In May 2018, a dogger received serious crush injuries while working on a truck mounted crane. He was packing up the chains of the 60 tonne mobile crane when it slewed, trapping him between the counterweights and a toolbox mounted on the truck. Investigations are continuing.
Preventing a similar incident
Using a mobile crane on any worksite introduces the risk of collisions if sufficient clearances are not maintained around the crane. Collisions can be with other cranes, buildings, overhead powerlines, doggers, riggers and other workers on site.
In addition to sufficient exclusion zones, a reliable method of signalling between the crane operator and dogger is essential for safe crane operation. Failure to implement a reliable method of communication may lead to unsafe crane operation resulting in dropped loads or collisions.
An effective means of communication is particularly important where:
- the crane operator cannot see the load
- the crane operator cannot see the load's landing area
- the crane operator cannot see the travel path of the load, crane or part of the crane (e.g. slewing counterweight)
- the crane operator cannot see the dogger or other workers in the work area
- the crane operator is not in a position to make an accurate judgement of distance
- it is possible for the crane to come into contact with overhead powerlines.
While the dogger approaches the crane, the PCBU must have adequate procedures in place to ensure the crane is immobilised and the crane operator is aware of the dogger's location.
Each year since 2012, there has been an average 67 accepted workers' compensation claims for injuries caused by being crushed, pinned or trapped by mobile plant. A quarter of these were in the construction industry.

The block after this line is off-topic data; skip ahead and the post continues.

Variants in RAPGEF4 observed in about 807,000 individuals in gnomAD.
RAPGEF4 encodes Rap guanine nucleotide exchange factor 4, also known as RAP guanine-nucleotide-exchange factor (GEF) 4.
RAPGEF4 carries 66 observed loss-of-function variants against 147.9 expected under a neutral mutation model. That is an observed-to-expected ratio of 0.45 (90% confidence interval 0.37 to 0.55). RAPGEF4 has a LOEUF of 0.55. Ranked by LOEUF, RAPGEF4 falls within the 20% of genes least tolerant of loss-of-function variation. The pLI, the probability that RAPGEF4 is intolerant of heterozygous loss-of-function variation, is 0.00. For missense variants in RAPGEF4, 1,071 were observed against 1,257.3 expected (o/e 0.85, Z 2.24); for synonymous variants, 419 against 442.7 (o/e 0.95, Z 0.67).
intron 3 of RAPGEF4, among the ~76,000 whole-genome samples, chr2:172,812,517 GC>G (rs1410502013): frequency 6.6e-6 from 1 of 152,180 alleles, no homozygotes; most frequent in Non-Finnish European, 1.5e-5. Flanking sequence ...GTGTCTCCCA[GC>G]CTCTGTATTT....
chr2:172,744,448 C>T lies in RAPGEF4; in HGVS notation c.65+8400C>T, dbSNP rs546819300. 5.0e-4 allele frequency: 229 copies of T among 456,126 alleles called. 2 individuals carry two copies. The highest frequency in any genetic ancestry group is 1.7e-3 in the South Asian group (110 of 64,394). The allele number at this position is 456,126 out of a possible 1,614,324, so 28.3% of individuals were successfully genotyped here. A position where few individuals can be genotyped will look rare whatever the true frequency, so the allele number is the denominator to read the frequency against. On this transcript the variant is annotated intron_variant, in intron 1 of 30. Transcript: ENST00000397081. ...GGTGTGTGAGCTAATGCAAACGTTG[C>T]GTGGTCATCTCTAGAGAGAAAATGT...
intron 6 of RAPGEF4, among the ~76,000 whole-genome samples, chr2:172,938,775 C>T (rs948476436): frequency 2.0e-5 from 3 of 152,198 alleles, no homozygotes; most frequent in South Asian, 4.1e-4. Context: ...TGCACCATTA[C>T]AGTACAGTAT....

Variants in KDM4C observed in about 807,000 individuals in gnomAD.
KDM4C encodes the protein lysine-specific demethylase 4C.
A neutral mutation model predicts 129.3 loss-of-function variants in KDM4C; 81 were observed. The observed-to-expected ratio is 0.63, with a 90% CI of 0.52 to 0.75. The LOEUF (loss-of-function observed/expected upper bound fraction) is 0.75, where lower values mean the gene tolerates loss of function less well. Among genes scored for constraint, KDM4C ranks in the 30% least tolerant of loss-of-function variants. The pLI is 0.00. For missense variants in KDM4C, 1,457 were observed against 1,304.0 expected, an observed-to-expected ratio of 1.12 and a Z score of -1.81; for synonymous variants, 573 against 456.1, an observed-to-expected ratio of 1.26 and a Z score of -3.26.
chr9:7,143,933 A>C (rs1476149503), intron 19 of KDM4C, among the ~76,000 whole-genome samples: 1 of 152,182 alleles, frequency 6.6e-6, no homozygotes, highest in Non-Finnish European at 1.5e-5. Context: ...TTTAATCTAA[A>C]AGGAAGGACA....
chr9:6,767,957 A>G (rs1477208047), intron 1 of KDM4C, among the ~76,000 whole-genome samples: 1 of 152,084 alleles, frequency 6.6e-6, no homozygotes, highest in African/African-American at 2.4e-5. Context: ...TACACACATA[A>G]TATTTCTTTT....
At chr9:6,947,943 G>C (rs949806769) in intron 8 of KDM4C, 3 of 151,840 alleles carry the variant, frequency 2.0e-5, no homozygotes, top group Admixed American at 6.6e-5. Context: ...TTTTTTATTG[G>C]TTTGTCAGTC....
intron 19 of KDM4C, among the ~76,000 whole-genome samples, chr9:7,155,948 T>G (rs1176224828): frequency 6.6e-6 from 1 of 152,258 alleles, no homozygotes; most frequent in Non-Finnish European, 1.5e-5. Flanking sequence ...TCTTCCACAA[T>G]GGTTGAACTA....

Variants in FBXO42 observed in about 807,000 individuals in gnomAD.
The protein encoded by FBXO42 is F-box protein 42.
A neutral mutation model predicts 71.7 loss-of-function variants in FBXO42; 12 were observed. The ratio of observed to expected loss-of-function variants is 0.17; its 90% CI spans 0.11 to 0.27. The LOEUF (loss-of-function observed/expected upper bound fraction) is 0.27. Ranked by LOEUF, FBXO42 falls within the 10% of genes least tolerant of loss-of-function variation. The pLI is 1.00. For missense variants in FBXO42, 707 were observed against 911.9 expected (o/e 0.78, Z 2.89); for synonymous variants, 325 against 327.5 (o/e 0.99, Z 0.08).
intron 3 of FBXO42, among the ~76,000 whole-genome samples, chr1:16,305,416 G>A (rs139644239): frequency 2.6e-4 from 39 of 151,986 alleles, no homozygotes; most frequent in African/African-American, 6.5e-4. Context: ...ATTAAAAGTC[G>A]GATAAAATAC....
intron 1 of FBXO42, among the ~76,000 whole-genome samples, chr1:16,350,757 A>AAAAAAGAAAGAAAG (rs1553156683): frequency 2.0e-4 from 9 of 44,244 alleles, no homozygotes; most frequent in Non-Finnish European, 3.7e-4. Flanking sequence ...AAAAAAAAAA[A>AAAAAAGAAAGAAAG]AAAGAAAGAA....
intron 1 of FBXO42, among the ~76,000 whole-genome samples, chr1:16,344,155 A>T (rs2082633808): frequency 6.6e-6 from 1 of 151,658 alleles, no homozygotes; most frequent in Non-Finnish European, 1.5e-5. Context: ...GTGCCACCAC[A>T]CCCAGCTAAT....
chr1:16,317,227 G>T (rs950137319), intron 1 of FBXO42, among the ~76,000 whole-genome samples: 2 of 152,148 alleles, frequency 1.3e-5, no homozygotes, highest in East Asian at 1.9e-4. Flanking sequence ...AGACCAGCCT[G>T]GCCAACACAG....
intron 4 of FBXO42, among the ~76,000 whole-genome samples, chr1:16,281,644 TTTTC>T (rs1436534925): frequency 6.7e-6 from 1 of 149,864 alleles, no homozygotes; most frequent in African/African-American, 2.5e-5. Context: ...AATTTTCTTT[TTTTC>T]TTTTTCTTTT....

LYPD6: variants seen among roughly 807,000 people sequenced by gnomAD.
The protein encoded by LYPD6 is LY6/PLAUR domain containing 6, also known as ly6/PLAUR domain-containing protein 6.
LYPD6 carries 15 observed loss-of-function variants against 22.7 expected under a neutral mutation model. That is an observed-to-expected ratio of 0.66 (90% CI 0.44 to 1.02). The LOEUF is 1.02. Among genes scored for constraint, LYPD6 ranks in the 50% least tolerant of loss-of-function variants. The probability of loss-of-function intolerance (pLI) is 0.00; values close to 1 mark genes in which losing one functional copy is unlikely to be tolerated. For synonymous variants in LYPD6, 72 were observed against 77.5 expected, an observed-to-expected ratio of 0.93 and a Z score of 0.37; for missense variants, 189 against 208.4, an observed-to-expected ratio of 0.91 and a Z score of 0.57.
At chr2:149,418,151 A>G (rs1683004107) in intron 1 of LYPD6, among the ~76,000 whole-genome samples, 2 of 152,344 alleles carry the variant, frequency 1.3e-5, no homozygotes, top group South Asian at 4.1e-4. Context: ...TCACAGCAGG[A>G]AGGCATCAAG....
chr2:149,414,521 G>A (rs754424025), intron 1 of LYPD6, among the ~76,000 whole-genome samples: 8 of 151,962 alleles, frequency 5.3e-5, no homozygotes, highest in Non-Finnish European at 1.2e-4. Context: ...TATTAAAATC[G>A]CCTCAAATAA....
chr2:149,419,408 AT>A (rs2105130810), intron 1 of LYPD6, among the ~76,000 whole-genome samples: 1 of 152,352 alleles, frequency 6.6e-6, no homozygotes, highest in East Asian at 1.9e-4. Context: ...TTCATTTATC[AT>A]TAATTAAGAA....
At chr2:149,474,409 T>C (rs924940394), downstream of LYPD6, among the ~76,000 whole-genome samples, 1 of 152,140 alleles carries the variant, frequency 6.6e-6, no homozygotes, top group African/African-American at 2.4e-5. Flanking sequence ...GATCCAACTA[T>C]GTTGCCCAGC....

In the same period, there have been 650 incidents involving workers being crushed, pinned or trapped by mobile plant. Of these, 38 involved slewing-cranes where a person was either injured or exposed to the serious risk of injury. We issued 182 improvement notices and 125 prohibition notices for issues associated with being crushed by mobile plant.
Prosecutions and compliance
In 2016 a company was fined $120,000, following the death of a mobile crane operator. The unlicensed worker was instructed to shift steel products using the crane. While attempting this task, he was observed alongside the crane which was travelling, uncontrolled, down a slope. He either tripped or was struck, then was run over and killed by the crane.
Another company was fined $35,000 in 2016 after a worker was injured when he was crushed between pallets. He was kneeling down removing stock from a pallet when a forklift being operated by another person picked it up. The forklift continued to move forward crushing him against a second pallet and breaking his ribs.
- Mobile crane code of practice 2006 (PDF, 1.34 MB)
- How to manage work health and safety risks code of practice 2011 (PDF, 1.02 MB)
- Managing risks of plant in the workplace code of practice 2013 (PDF, 1.04 MB)